Per DOMA, U.S. Census Bureau Won't Be Counting Gay Marriages
As of now, plans for the 2010 U.S. Census do not include recognizing the thousands of same-sex couples that are expected to be legally married in California and Massachusetts by that date:
"The U.S. Census Bureau, reacting to the federal Defense of Marriage Act and other mandates, plans to edit the 2010 census responses of same-sex couples who marry legally in California, Massachusetts or any other state. They will be reported as "unmarried partners," rather than married spouses, in census tabulations - a policy that will likely draw the ire of gay rights groups. The Census Bureau followed the same procedure for the 2000 census, and it does not plan to change in 2010 even though courts in Massachusetts and now California have ruled gay men and lesbians can marry lawfully... Critics say the census plan will mask the records of legal, same-sex, married couples and therefore degrade the quality of the government's demographic data. 'I just think it's bad form for the census to change a legal response to an incorrect response,' said Gary Gates of the Williams Institute, a think tank at the University of California-Los Angeles law school that studies gay-related public policy issues. 'That goes against everything the census stands for.'"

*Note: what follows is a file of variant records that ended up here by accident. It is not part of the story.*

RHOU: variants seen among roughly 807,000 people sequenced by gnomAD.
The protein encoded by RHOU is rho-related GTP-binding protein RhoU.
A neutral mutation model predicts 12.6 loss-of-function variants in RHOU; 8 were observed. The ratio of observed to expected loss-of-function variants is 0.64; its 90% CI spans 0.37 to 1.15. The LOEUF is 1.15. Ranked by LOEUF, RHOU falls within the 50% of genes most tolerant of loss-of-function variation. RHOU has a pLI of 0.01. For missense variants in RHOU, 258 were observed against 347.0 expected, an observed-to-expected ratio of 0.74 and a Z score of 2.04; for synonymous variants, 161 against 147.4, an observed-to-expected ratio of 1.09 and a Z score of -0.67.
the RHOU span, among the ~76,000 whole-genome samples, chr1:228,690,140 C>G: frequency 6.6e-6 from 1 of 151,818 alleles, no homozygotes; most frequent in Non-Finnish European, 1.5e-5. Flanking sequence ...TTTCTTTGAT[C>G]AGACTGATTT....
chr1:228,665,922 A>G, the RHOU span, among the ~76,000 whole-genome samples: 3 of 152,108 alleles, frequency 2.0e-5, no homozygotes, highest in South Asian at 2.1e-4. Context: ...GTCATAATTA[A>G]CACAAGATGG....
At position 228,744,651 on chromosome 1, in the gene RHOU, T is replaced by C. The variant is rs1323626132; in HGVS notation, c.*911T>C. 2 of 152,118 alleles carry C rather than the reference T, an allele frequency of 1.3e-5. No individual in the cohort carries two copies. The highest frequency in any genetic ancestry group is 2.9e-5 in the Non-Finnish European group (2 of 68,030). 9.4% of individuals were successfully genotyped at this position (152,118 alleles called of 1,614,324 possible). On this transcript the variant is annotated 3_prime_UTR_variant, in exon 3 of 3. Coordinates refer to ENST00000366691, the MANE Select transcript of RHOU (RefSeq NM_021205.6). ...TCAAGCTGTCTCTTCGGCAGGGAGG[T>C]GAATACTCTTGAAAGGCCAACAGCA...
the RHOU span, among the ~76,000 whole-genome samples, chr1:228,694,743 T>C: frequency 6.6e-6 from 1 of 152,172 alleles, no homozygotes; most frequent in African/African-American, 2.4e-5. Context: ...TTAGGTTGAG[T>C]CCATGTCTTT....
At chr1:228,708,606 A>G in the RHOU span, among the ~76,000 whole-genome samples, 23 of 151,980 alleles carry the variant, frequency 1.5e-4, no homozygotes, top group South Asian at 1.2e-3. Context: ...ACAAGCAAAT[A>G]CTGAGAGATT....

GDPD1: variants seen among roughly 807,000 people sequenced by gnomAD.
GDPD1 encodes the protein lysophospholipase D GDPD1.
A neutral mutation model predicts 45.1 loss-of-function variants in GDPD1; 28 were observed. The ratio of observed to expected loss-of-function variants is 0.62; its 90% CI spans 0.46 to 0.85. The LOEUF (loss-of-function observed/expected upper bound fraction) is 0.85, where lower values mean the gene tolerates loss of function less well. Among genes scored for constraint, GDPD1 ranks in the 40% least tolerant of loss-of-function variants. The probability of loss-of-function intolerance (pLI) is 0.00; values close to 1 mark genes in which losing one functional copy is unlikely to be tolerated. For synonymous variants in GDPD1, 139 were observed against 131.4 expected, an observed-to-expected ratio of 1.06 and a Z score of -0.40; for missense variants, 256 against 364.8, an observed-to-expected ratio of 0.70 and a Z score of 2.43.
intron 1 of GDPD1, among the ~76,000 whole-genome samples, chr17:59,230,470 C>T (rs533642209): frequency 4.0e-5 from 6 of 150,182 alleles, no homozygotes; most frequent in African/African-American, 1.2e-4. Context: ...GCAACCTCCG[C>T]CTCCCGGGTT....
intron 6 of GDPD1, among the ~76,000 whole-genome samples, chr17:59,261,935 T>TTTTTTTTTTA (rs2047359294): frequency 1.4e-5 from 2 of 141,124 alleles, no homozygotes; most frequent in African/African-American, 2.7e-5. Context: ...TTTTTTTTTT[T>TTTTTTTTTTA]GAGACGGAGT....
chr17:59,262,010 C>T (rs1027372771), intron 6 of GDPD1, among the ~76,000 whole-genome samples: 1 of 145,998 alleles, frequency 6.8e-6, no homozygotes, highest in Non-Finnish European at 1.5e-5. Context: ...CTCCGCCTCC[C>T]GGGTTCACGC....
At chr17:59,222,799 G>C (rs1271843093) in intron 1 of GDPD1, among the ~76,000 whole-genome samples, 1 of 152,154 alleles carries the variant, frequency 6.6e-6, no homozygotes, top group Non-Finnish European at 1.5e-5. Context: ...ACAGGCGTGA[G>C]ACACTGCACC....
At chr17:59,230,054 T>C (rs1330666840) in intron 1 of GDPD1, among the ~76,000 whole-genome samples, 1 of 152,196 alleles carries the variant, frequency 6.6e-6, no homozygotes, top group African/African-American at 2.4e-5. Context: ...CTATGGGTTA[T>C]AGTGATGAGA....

They have the data but they're just 'dutiful' followers: "'This has been a question we've been looking at for quite a long time,' said Martin O'Connell, chief of the Census Bureau's Fertility and Family Statistics Branch. 'It's not something the bureau could arbitrarily or casually decide to change on a whim, because our data is used by virtually every federal agency.' The Census Bureau is not falsifying people's responses, O'Connell said, because the bureau will retain people's original census responses. 'We're not destroying data; we are keeping that data,' O'Connell said. 'We are just showing the data published in a way that is consistent with the way every other agency publishes their data.'"